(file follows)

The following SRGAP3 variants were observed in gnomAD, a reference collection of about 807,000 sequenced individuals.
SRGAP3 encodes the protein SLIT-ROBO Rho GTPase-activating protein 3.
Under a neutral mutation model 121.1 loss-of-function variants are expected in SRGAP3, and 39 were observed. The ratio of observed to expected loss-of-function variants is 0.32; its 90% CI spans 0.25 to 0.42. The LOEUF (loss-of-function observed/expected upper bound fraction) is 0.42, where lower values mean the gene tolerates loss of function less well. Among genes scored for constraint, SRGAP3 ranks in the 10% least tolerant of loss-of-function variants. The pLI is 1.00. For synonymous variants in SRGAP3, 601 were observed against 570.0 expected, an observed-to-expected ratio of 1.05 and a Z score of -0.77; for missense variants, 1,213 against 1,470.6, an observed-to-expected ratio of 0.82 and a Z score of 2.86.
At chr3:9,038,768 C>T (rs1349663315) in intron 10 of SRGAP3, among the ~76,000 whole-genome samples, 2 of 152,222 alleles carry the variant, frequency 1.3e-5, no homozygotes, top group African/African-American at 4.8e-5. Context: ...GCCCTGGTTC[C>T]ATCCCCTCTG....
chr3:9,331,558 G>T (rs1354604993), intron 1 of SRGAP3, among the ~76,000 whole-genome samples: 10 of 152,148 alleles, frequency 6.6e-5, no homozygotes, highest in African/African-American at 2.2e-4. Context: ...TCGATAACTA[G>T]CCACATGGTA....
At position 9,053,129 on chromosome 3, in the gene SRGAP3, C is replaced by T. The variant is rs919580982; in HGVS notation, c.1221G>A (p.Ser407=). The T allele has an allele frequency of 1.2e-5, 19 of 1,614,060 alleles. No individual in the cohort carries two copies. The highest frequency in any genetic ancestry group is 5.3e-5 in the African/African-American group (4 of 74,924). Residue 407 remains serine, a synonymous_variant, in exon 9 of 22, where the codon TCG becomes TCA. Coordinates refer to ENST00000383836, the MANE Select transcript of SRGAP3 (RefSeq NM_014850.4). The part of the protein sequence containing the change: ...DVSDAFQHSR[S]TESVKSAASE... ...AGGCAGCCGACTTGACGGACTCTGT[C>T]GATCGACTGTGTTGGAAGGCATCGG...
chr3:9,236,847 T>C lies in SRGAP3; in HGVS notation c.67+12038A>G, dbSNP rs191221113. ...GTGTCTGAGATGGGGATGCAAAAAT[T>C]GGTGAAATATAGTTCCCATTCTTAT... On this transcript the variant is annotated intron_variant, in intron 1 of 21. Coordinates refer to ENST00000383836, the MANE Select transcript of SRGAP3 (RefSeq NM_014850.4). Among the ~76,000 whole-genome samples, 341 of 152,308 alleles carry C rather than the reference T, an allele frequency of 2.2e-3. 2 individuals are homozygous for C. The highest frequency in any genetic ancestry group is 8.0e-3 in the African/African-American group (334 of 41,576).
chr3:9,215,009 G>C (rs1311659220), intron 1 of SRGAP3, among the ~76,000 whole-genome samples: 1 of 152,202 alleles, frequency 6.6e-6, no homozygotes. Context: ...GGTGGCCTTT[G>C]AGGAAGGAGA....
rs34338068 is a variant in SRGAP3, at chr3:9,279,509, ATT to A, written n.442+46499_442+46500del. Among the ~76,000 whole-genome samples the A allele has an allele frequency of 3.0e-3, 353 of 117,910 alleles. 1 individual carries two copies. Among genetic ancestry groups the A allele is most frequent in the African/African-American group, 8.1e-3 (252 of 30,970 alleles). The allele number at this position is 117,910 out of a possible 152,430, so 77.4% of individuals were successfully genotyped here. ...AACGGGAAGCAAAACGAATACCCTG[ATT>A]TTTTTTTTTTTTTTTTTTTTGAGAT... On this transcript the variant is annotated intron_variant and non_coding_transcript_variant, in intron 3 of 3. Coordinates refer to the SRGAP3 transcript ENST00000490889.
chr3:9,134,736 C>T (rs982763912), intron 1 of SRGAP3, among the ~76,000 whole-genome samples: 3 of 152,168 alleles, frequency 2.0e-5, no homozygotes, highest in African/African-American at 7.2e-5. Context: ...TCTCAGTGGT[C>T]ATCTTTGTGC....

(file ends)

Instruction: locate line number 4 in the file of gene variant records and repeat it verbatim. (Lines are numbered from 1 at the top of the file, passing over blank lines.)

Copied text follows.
At chr3:9,038,768 C>T (rs1349663315) in intron 10 of SRGAP3, among the ~76,000 whole-genome samples, 2 of 152,222 alleles carry the variant, frequency 1.3e-5, no homozygotes, top group African/African-American at 4.8e-5. Context: ...GCCCTGGTTC[C>T]ATCCCCTCTG....